22 Executives Share The Best Advice They Ever Received


No one can make it alone. The most successful leaders are where they are today because they took advice from people they trusted.

richard branson

Stephen Chernin / Getty Images

 

We’ve compiled some of the best tips that executives have shared throughout the years, including lessons from tech icons like Bill Gates, empire-builders like Richard Branson and legendary investment gurus like Warren Buffett.

 

Terry J. Lundgren, CEO, Macy’s

Terry J. Lundgren, CEO, Macy's

AP

Gene Ross, the man who recruited Lundgren at Bullock, told him:

“You’re not going to do this forever. There’s a finite amount of time you’re going to be doing this. Do this really, really well. And if you do this really, really well, everybody will see that, and they’ll move you onto the next thing. And you do that well, and then you’ll move.”

From a 2009 interview with The New York Times

Richard Branson, founder and chairman, Virgin Group

“My mother always taught me never to look back in regret but to move on to the next thing. The amount of time people waste dwelling on failures rather than putting that energy into another project, always amazes me. I have fun running ALL the Virgin businesses — so a setback is never a bad experience, just a learning curve.” 

From an interview with The Good Entrepreneur

Marissa Mayer, VP, Google

Marissa Mayer, VP, Google

Jemal Countess/Getty Images

“My friend Andre said to me, ‘You know, Marissa, you’re putting a lot of pressure on yourself to pick the right choice, and I’ve gotta be honest: That’s not what I see here. I see a bunch of good choices, and there’s the one that you pick and make great. I think that’s one of the best pieces of advice I’ve ever gotten.” 

From a 2011 interview with the Social Times

Lloyd Blankfein, chairman and CEO, Goldman Sachs

Lloyd Blankfein, chairman and CEO, Goldman Sachs

Chip Somodevilla/Getty

His boss at Goldman during the 1980s told him:

“First, it’s good to solicit your people’s opinions before you give them yours. And second, your people will be very influenced by how you carry yourself under stress.”

From a 2009 interview with CNNMoney

Maureen Chiquet, Global CEO, Chanel

Maureen Chiquet, Global CEO, Chanel

AP

Mickey Drexler, CEO of Gap at the time, told Chiquet:

“I’m going to give you some important advice. You’re a terrific merchant. But you’ve gotta learn to listen!

From a 2008 blog post at Harvard Business Review

Tory Burch, co-founder and creative director, Tory Burch

“When I started my company, many people said I shouldn’t launch it as a retail concept because it was too big a risk.They told me to launch as a wholesaler to test the waters — because that was the traditional way.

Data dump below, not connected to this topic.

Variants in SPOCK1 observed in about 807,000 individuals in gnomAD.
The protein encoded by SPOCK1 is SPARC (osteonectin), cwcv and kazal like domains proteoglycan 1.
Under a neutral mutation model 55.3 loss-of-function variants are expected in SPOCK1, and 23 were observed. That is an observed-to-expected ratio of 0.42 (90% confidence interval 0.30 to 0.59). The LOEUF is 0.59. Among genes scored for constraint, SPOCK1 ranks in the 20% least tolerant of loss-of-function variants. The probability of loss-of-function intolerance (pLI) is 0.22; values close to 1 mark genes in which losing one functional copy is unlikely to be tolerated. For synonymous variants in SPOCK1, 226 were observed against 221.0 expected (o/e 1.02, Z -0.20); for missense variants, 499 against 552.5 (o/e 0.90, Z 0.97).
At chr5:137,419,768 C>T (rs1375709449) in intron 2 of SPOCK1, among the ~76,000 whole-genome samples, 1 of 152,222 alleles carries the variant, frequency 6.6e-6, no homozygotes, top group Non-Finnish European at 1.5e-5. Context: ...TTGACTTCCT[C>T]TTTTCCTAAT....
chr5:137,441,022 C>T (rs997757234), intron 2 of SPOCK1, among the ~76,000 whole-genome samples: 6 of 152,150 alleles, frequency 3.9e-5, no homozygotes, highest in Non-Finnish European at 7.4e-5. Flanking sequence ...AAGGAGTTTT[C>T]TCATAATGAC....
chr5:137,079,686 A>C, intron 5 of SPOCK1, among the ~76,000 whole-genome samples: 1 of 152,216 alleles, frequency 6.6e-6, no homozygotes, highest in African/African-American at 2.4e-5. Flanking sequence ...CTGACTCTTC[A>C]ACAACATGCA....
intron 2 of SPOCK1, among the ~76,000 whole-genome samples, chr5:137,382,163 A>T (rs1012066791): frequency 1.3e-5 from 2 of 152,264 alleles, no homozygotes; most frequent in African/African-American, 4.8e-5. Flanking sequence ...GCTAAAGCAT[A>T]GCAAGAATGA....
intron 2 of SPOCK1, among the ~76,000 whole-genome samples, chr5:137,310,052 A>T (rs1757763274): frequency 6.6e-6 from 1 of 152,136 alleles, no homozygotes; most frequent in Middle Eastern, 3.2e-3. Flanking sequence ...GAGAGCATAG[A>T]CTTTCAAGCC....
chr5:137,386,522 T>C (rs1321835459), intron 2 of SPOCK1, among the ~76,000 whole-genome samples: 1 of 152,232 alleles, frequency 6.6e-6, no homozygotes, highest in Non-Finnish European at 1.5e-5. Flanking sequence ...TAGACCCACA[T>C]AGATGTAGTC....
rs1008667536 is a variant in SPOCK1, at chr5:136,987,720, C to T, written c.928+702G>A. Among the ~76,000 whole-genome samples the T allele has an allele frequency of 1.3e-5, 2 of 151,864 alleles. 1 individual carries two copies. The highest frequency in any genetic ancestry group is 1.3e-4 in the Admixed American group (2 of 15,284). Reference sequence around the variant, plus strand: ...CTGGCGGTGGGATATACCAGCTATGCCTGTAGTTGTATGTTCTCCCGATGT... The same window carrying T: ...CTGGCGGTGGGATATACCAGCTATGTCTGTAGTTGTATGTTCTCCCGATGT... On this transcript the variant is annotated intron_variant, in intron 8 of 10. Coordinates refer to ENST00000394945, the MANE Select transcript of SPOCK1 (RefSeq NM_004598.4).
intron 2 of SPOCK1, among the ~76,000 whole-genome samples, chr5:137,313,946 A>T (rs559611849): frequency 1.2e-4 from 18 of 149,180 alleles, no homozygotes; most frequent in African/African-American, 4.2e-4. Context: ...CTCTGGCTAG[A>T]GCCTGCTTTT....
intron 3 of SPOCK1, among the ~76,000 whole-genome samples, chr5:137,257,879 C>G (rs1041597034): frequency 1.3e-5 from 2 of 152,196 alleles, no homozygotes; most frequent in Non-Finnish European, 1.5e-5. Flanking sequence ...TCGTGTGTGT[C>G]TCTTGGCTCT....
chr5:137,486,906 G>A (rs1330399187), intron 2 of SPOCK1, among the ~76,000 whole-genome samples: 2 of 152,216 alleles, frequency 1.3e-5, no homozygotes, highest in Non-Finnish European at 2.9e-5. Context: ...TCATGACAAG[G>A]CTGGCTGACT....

“But Glen Senk, [then] CEO of Urban Outfitters and a mentor of mine … told me to follow my instincts and take the riskI wanted to create a new way of looking at retail.”

From a 2009 interview with CNN Money

Eric Schmidt, executive chairman, Google

Find a way to say yes to things. Say yes to invitations to a new country, say yes to meet new friends, say yes to learn something new. Yes is how you get your first job, and your next job, and your spouse, and even your kids.”

From Katie Couric’s book “The Best Advice I Ever Got,” excerpted by The Daily Beast

Sheryl Sandberg, COO, Facebook

Sheryl Sandberg, COO, Facebook

Business Insider / Matthew Lynley

When Sandberg was thinking she wouldn’t accept an offer to be Google’s general manager, Eric Schmidt told her, “Stop being an idiot; all that matters is growth.” She says that’s the best advice she ever got. 

Source: All Things D

Warren Buffett, chairman and CEO, Berkshire Hathaway

Berkshire Hathaway director Thomas Murphy told him: 

“Never forget Warren, you can tell a guy to go to hell tomorrow — you don’t give up the right. So just keep your mouth shut today, and see if you feel the same way tomorrow.

From a 2010 interview with Yahoo!

Larry Page, co-founder, Google

“In graduate school at Stanford University, I had about ten different ideas of things I wanted to do, and one of them was to look at the link structure of the web. My advisor, Terry Winograd, picked that one out and said, ‘Well, that one seems like a really good idea.’ So I give him credit for that.” 

From a 2009 interview with CNN Money

Bill Gates, chairman, Microsoft

Warren Buffett has taught me a lot of things, but he got me thinking very early on that at some point I’d have the opportunity and responsibility to give the wealth back.

“And so, literally decades before the foundation got started I was reading about philanthropists from the past … what they’d done and how it worked.”

From a 2012 interview with ABC News

Howard Schultz, CEO, Starbucks

Howard Schultz, CEO, Starbucks

AP